Logitech Acquires Slim Devices

Logitech International, the Swiss computer'n'communications peripherals manufacturer, announced on October 19 that it had acquired Slim Devices, Inc., the home-network-music-systems pioneer that manufactures the Squeezebox and Transporter.

According to the Logitech press release, the purchase price was "$20 million in cash, plus a possible performance-based payment, tied to reaching certain future revenue targets."

Slim Devices was founded in 2001 by Sean Adams, later joined by chief technology officer Dean Blackketter. Slim Devices has been dedicated to open-source product development, which has allowed it to improve its Slimserver and Squeezeserver technologies rapidly through the contributions of a dedicated community of enthusiasts. When I interviewed Patrick Cosson, Slim Devices' vice president in charge of sales and marketing, about the high-end Transporter, he observed that the open-source community gave Slim Devices a "development staff that is larger than that of Microsoft or any of the industry giants." The flip side of that is that the open-source community that has contributed to Slim Devices' product development feels proprietary about the company.

Many of those community members expressed concerns on the Slim Devices Forums pages that the Logitech acquisition might alter Slim Devices' design ethos. Like Polk Audio, which held a frank discussion of the repercussions and ramifications of its acquisition by Directed Electronics on its own bulletin board, Slim Devices took its case to its Forums.

Adams himself announced the acquisition on the day it broke, and he quickly brought in Junien Labrousse, Logitech's senior vice-president of the entertainment and communication business unit, to address the Forum's concerns. Logitech, Labrousse explained, understood the centrality of the computer and digital audio to contemporary consumers, and saw Slim Devices as extending its reach into that realm. Acquiring Slim Devices, he maintained, was a strategy that Logitech saw as a long-term investment. In fact, Logitech's press release dryly reports, "While Logitech views the long-term potential of the acquisition to be very promising, the impact of the acquisition on Logitech's current fiscal year is not expected to be material."

Stereophile caught up with Adams and Labrousse during a day the two spent answering questions from all over the media world. I asked Adams about the reaction of the Slim Devices Forum members. "A lot of those people have followed Slim Devices since I was soldering stuff together in my garage. They're concerned that we've gone corporate. None of that will happen, but I understand that they're concerned."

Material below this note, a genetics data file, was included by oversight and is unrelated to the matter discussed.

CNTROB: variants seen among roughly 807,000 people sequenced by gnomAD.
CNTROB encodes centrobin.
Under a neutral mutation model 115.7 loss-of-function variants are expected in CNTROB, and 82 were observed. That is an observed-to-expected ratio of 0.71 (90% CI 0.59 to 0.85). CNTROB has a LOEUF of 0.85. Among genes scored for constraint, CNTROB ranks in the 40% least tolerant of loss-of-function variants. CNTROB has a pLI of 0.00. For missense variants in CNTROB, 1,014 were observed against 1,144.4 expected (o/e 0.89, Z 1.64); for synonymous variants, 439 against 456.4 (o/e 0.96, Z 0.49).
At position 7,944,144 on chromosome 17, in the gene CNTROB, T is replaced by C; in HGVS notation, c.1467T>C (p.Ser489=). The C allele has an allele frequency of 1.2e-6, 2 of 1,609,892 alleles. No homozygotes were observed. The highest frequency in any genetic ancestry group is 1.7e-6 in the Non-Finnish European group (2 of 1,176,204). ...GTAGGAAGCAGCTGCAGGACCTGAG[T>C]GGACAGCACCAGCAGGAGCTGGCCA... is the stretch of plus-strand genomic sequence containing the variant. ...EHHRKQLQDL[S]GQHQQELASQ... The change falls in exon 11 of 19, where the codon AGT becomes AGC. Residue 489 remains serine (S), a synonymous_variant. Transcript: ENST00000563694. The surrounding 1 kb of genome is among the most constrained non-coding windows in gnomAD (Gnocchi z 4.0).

Labrousse added, "It will be our role at Logitech to see that this ownership that people feel in the company remains—and we will continue to work like that. Logitech has always been innovative and attentive to our consumers.

"Acquiring Slim Devices fits perfectly with our strategy to go after the living room. We've developed several product lines in that direction." (Labrousse was referring to Logitech's acquisition of remote manufacturer Harmony and its launch of the Wireless DJ remote.)

Adams spoke of the synergy Logitech brings to Slim Devices: "We built the business on a shoestring and did everything incrementally along the way, so we've never been able to ramp up new products or get them into established retail channels. The big thing Logitech brings us is shelf space and the ability to get stuff out there."

Labrousse: "The company was run on a shoestring, but we were very impressed with what sound business principles it was run on. We're quite choosy about acquisitions—Slim Devices is only our fourth one in over 10 years. We're really excited about Slim Devices' status as high-end audio products, which is certainly where we want to go. We offer high-end products for the PC, but if you're serious about entering the living room, you must have a high-end approach. "

Adams: "You know, we've had a lot of venture capitalists approach us, but until we spoke to Logitech, none of them seemed to 'get' what we wanted to do. Logitech offers us growth, of course, but seeing how Logitech enhanced Harmony when it acquired it was eye-opening. Not only did build-quality improve, but Harmony very rapidly became available in over 100 countries."

"That's what it's really about," Labrousse concurred. "Slim Devices has a strong product and we can help extend the company's reach."